‘Please let it be a migraine’ – chronic illness is the age of COVID-19
A dull ache creeps into my neck, working its way down my back, spreading rapidly through my limbs until they’re heavy and useless. Next comes a sharp pain directly between my eyes, burrowing into the depths of my skull as if trying to drill straight through the bone. I yearn for the cool burn of an ice pack pressed against my forehead, but the idea of walking to the kitchen is laughable given the lead weights pinning my body to the couch.
As my symptoms multiply, all I can think is, “Please just let me have a migraine.”
According to the American Migraine Foundation, more than 37 million people across the United States suffer from migraines, a neurological condition commonly characterized by debilitating headaches. But any migraine-sufferer will tell you, these are no ordinary headaches.
Migraines are commonly accompanied by nausea, vomiting, light sensitivity, sound sensitivity, vertigo, dizziness, and fatigue, among other symptoms. And for millions of people, these all-out attacks on the nervous system are providing a whole host of additional problems during coronavirus.
If the symptoms I just listed sound familiar, it’s because many of them are also symptoms of COVID-19. Headaches, extreme fatigue and body aches have all been recorded among coronavirus patients, as have other commonly recorded migraine symptoms such as hot flashes (easily mistaken as fever), loss of smell, and more.
And because migraines are unique to each individual, the possibilities for symptom overlap amongst sufferers are endless. “Since the rise of COVID-19, it’s been pretty nerve wracking every time I get a migraine attack,” says Sarah from New Jersey, who’s been living with chronic migraine for the last six years. “I run super hot during migraine attacks and can start to sweat, which can make me think I have a fever.”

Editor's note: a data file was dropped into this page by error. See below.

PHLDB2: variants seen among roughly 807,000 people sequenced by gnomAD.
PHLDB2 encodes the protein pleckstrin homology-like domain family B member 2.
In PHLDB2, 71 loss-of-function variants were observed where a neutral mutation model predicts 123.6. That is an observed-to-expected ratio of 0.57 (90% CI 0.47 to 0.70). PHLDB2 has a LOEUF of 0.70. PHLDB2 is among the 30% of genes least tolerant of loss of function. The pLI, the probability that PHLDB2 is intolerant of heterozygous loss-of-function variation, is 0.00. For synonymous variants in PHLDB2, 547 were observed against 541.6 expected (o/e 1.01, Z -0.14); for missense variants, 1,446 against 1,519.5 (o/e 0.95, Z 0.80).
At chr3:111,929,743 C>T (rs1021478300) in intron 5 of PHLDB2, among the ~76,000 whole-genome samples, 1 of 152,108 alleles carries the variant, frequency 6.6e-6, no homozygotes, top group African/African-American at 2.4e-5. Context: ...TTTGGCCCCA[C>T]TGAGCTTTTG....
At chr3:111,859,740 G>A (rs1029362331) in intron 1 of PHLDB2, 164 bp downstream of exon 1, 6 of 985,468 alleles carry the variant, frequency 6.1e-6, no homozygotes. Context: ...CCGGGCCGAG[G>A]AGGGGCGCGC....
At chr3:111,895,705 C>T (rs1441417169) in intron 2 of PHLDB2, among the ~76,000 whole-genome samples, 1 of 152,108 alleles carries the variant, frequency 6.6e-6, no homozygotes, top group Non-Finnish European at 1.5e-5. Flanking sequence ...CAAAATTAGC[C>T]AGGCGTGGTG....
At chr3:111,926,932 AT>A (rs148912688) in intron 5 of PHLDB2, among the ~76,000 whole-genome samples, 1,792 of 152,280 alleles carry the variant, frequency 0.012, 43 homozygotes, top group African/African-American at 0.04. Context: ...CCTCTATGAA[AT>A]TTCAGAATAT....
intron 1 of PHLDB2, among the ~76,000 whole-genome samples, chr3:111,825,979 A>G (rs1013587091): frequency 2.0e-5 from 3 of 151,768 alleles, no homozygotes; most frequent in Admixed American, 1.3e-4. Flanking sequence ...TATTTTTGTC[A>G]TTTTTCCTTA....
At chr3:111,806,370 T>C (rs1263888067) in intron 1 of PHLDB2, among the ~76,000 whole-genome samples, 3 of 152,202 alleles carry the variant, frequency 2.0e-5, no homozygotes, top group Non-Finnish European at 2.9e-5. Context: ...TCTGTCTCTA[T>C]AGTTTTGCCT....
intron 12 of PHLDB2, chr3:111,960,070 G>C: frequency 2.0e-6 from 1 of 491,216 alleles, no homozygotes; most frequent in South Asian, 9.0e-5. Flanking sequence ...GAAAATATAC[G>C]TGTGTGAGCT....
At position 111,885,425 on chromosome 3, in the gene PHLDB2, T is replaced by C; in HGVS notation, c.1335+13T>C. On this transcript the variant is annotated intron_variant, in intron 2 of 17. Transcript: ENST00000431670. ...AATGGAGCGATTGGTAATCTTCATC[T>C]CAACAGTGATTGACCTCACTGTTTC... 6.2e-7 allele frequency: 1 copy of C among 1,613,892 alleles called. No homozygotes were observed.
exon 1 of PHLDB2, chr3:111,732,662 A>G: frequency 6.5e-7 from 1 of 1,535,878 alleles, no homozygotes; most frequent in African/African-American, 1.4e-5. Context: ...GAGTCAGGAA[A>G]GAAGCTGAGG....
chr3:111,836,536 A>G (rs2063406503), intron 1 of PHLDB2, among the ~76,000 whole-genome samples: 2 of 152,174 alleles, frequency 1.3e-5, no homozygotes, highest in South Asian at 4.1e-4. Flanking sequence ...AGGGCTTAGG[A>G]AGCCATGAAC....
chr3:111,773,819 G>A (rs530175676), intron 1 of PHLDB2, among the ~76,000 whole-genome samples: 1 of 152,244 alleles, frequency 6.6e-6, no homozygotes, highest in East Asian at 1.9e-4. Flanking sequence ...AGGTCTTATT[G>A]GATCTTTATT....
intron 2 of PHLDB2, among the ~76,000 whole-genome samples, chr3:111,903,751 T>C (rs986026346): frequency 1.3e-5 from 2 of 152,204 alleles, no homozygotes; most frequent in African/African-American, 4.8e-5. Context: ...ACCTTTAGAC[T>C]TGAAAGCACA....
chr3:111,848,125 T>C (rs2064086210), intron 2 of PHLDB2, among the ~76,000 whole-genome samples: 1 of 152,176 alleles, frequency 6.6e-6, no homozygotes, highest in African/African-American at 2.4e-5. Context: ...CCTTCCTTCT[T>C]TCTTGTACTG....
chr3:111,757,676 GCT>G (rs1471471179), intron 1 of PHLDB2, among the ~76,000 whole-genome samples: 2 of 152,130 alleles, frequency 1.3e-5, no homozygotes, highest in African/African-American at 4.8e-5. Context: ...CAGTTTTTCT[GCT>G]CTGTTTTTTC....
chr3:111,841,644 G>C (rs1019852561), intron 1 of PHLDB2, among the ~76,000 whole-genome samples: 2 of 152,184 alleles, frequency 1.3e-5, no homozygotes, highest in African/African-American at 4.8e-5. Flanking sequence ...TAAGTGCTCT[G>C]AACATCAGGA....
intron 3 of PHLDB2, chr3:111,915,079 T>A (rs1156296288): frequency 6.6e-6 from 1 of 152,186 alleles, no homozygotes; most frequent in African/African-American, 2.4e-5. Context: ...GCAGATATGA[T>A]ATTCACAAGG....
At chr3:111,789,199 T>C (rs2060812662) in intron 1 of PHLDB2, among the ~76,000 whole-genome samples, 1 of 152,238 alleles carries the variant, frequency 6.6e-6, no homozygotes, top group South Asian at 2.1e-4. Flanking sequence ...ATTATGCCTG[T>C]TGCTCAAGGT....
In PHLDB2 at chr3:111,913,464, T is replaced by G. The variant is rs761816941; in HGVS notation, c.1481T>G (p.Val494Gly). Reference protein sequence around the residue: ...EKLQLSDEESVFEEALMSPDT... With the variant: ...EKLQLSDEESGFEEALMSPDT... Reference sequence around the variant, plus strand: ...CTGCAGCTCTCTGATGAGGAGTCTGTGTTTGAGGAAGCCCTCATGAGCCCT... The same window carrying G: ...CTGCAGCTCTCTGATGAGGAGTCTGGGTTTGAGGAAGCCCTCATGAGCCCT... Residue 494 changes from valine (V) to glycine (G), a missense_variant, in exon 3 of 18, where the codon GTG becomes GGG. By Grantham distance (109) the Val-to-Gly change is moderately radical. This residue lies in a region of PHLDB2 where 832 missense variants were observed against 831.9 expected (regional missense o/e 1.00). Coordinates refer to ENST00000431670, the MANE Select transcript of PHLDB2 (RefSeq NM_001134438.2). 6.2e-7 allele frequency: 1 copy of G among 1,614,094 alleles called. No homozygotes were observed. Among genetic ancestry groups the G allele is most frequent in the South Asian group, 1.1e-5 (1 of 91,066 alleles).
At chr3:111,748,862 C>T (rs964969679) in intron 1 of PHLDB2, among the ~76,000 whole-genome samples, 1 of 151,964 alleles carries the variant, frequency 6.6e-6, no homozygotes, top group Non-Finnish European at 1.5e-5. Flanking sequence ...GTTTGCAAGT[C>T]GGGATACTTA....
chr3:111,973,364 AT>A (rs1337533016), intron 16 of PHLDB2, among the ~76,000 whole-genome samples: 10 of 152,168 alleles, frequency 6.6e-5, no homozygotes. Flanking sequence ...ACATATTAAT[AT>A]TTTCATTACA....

To make matters worse, it’s also the beginning of allergy season, when hay fever wreaks havoc on millions of migraine sufferers. “My migraine triggers are usually allergic reactions where my sinuses shut down,” Chelsea, another New Yorker who suffers from migraines, tells me. “In the past two weeks, I’ve had a three-day migraine, and the first day I was convinced I had been struck with coronavirus.”
When Jess Focht from Brooklyn, New York, was recently struck by her first migraine in more than a year, she freaked out. “I started to get panicked that I was having symptoms of COVID-19 — and the stress from that wasn’t helping my migraine situation!” she said. She believes her relapse is due to coronavirus-related stress.
It makes sense; outside of the diagnostic stress plaguing migraine-sufferers is the generalized stress of living through a pandemic. According to The American Headache Society, four out of every five people with migraines report stress as a trigger.
For many of us who live with migraines, just existing in 2020 is like walking through a fun-house of migraine triggers, and we’re all just trying to keep our heads from falling off.
“The hardest part of this from a migraine perspective is the anxiety, which then of course just contributes to the likelihood of getting one,” says Elizabeth Cutler, a migraineur from Washington, D.C. “There have been more than a few nights since all of this started when I’ve been lying awake at 2 a.m. anxious about the larger situation, then start to think about how not sleeping will lead to a migraine, and then from there I just spiral.”